Joe Rawls said...

I sometimes find Kreeft a bit shrill, but here he's right on target. The new Dan Brown novel The Lost Symbol has as one of its subtexts the notion that people can become gods by following the right esoteric philosophy, so this idea is pretty widespread in the general culture.

BillyD said...

"No one believes in Zeus and Apollo and Neptune any more."

Hmmm. This guy obviously doesn't know how to do a google search properly. ;-)

Bryan Owen said...

Touché, BillyD!

Steve Hayes said...

It sounds as though Kreeft is about 80 years out of date. That understanding of paganism may have been new in the 19th century, but was becoming outdated by the middle of the 20th century, and one of the last good books on apologetics to deal with it was The good pagan's failure by Rosalind Murray (see Notes from underground: Pagans and Neopagans).

In our day the kind of new paganism the believes in Zeus and other ancient deities is very much alive.

Perpetua said...

Hi Bryan+,
Great post.
I am left wondering why you didn't you give us the name of the bishop in your first paragraph. Are you protecting him/her from public scrutiny? Would your position or future be jeopardized by revealing to whom you refer?

Bryan Owen said...

Steve, I'm no expert on all things "pagan," and I wouldn't be surprised if folks out there are willing to believe in pretty much anything imaginable. Kreeft takes pains in the rest of his essay to compare the old paganism to the new paganism. He may or may not be right in all respects. But as a general observation about cultural trends, I think he's on to something with this business about a "new paganism," even if he's wrong about belief in ancient deities. Perhaps it should be called something else?

Perpetua, I've already named the bishop in question in the previous posting, and for that reason (as well as out of respect for his office as bishop) I did not name him again because I did not want to make it appear that I am railing against him personally. I am not. And as I've mentioned in that previous posting, I'll say again: he's a good and decent man. It's the theology expressed that I'm targeting. And that "brand" of theology has much wider currency than the views of any individual person in the Church.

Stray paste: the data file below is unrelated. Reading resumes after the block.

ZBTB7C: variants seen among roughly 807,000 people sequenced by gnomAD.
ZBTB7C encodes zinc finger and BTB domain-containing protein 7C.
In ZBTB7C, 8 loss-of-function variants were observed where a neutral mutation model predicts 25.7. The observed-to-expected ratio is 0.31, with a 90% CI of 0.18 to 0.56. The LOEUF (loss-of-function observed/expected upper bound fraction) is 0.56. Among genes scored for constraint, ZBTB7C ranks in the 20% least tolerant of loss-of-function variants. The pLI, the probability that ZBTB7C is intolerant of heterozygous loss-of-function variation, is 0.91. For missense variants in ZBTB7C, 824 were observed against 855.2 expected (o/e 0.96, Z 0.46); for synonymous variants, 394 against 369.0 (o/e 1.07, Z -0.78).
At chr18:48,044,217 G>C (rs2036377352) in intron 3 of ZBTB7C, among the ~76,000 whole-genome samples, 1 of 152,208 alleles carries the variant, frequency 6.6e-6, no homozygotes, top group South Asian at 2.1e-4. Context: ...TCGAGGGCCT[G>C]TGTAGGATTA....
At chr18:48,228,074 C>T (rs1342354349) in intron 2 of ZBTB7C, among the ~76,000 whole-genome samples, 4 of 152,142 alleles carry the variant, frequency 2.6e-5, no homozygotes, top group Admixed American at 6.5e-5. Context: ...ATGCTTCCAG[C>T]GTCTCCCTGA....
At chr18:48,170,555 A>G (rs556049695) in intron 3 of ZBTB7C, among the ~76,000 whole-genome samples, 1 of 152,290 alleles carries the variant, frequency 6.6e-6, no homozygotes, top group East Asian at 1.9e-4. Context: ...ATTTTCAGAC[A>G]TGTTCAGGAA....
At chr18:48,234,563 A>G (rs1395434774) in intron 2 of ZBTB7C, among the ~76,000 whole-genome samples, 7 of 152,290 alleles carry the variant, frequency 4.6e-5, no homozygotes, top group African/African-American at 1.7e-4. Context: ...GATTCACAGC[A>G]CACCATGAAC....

As to jeopardizing my current position or future prospects - probably not so much to worry about currently, but who knows with regard to the future? Truth is that unless one buys into this kind of theological program without question, there will be opportunities that one must turn down for the sake of conscience. Or it might be that the door gets shut once others discover that "you're not one of us." As conservatives have known for a very long time, there is a price to pay for adhering to the faith of the Church and for refusing to violate one's conscience. I could be wrong (I hope I'm wrong!), but my guess is that many who find themselves in the "diverse center" are going to start learning a few things about that as well.

Christopher said...

I have to say that this seems overdrawn and over-reactive in all sorts of ways.

One, it points all of the fingers outward. Many folks I know who are pagan became so because of a failure on the part of Christianity to articulate a theology that cared for all of God's creatures and the earth and an understanding of authority that was limited and dispersed rather than despotic. The fact that so many Christians have a "use it up" mentality with regard to other creatures and the earth demonstrates we have a less than full appreciation for the Incarnation. In many ways, it could be said that many Christians have rejected the awe of God, that is, the fear of the Lord which is so much more than terror. You don't get people to awe and reverence God by beating them over the head with a Bible or demanding unquestioning submission to Christian authorities.

Two, narcissism isn't just a pagan problem. Christianity has it's share, as the sex-abuse scandals and high-up coverups reveal (and these have affected every major Christian tradition), so let's be a bit more humble about our problems and pointing fingers. If we were humble and given to living the Good News, I think we might be able to engage folks who have opted for something else.

Three, the understanding of paganism here is a strawman given the complexity of paganisms out there. I don't recognize the pagans I know in this strawman.

Bryan Owen said...

Christopher, while I agree with almost everything you're saying, I think your comments miss the deeper point: that the stuff Kreeft describes isn't "out there," it's "in here," inside the Church itself. I certainly got an earful of it recently from one of our bishops. And I hear it surfacing all the time among other Episcopalians.